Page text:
The Award You Really Don’t Want to Win

by admin on October 10, 2011

Some awards are really sought after – the Nobel prize, an Oscar – and then there are those no one wants to win – such as the Golden Raspberry, the flip side of the Oscars, given to the person judged to be the worst actor of the year.

Add to that list the Ig Nobel prizes, given to some of the strangest research projects and studies of the year. And believe me, some of these are really strange, to the point where you wonder how on earth did they get funding for this and why on earth would they even think that if they did get money that the findings were worth reporting.

Anyway – here some of this year’s winners.

Physiology prize – a team of European scientists won this for their study entitled “No evidence of contagious yawning in the red-footed tortoise”. This ground breaking piece of scientific exploration concluded that, unlike people, red-footed tortoises don’t start yawning just because one of their chums is yawning. That’s it. Nothing else. End of story. So, next time you see a red-footed tortoise yawning it’s not because it’s copying someone else, it’s probably just bored by all the scientists who keep following it around

Chemistry prize – a team from Japan won this for their work – and in determining the ideal density of airborne wasabi (pungent horseradish) to awaken sleeping people in case of a fire or other emergency, and for applying this knowledge to invent the wasabi alarm. You read that right. “To invent the wasabi alarm”. What’s wrong with a smoke detector or other alarm. Apparently they lack a pungent smell to alert you that something really really bad is happening.

Medicine prize – scientists in Belgium, the Netherlands, and Australia share the shame in this category for their work demonstrating that people make better decisions about some kinds of things — but worse decisions about other kinds of things‚ when they have a strong urge to urinate. No, really, that’s what they studied, how wise you are when you really need to pee. The best bit though is the title of their research: Inhibitory Spillover: Increased Urination Urgency Facilitates Impulse Control in Unrelated Domains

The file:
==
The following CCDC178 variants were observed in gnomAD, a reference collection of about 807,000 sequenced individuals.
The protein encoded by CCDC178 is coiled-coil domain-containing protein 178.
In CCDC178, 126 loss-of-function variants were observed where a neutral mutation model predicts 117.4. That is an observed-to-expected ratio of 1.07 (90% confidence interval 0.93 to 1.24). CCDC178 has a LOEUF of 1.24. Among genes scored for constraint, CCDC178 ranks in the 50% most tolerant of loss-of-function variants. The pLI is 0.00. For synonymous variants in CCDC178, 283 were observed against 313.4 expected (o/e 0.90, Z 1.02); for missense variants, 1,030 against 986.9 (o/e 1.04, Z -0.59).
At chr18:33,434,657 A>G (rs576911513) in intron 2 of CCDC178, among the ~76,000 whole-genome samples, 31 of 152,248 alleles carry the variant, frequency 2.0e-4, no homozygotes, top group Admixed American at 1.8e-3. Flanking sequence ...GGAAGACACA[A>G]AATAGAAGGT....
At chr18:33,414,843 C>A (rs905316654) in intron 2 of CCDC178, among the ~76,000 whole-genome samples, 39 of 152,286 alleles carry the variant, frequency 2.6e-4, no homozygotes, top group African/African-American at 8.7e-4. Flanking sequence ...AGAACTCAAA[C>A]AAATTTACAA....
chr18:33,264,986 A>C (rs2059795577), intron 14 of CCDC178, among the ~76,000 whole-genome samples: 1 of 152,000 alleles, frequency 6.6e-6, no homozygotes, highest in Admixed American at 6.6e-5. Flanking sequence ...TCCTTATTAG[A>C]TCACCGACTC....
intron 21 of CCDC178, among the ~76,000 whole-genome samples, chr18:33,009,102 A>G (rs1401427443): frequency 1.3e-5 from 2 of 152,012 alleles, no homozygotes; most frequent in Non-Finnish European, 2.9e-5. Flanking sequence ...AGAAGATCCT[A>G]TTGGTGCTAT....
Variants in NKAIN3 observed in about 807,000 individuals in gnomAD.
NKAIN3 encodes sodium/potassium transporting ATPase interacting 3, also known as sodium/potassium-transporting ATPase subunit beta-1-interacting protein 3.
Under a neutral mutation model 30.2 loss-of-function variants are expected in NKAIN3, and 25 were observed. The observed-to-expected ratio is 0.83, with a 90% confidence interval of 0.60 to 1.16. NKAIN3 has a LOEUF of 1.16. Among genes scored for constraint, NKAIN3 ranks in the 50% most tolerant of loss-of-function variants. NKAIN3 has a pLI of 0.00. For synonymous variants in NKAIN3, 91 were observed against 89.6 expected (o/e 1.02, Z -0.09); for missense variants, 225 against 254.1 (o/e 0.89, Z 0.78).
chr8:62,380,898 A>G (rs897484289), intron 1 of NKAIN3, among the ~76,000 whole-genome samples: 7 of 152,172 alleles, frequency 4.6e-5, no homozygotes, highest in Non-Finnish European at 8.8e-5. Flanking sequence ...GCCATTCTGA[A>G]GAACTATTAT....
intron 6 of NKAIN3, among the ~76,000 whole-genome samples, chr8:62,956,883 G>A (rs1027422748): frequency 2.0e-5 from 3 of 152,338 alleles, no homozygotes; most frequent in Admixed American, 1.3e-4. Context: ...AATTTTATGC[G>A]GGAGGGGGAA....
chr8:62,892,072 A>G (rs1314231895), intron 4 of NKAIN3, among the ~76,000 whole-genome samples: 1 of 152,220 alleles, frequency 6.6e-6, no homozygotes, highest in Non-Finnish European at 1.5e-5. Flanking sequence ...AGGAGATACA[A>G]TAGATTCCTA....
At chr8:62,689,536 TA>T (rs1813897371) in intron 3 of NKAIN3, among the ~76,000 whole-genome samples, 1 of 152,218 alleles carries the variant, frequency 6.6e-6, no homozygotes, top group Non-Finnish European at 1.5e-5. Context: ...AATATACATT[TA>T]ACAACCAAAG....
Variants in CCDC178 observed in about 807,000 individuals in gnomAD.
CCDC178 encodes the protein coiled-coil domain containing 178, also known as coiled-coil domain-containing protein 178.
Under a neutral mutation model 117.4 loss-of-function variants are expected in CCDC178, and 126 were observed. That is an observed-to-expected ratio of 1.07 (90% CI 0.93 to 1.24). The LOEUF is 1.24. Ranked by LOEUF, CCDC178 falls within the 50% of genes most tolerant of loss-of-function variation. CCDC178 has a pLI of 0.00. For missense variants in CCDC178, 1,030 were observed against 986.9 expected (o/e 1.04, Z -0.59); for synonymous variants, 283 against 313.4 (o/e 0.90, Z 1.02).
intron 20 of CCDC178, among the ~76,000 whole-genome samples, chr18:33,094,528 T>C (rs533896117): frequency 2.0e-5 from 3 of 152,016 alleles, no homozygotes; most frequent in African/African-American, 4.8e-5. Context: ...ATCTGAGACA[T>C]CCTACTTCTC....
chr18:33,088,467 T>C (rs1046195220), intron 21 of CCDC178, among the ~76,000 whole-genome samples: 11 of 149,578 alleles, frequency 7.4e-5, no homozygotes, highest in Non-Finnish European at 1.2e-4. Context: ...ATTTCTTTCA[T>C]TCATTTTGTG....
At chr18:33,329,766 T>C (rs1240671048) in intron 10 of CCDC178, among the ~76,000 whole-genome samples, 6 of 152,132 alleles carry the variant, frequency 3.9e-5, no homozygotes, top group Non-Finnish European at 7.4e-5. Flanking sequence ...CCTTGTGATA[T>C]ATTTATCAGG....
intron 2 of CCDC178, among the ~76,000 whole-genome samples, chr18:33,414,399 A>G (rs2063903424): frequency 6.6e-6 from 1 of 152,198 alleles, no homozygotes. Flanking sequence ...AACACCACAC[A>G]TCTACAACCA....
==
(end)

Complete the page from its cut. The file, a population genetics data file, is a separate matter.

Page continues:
And if you thought those were crazy, check this one out.

Public Safety prize – John Senders at the University of Toronto in Canada, conducted a series of experiments in which a person drives an automobile on a major highway while a visor repeatedly flaps down over his face, blinding him. The goal was to test just how this might interfere with your ability to drive safely. I think the answer would be quite a lot, but what do I know. I’m no scientist.

But my favorite award is the

Mathematics prize -this was shared by a bunch of people who all made predictions about when the earth would come to an end. It includes Dorothy Martin who guessed we’d all be done by 1954, Pat Robertson (yes, that Pat Robertson) who guessed 1982, Elizabeth Clare Prophet (1990) and Harold Camping who thought it would all come to a nasty end on both September 6, 1994 and then again on October 21 of this year. Well done Harold for sticking to your guns. The Ig Nobel folks honored them for teaching the world to be careful when making mathematical assumptions and calculations.

Amen to that.

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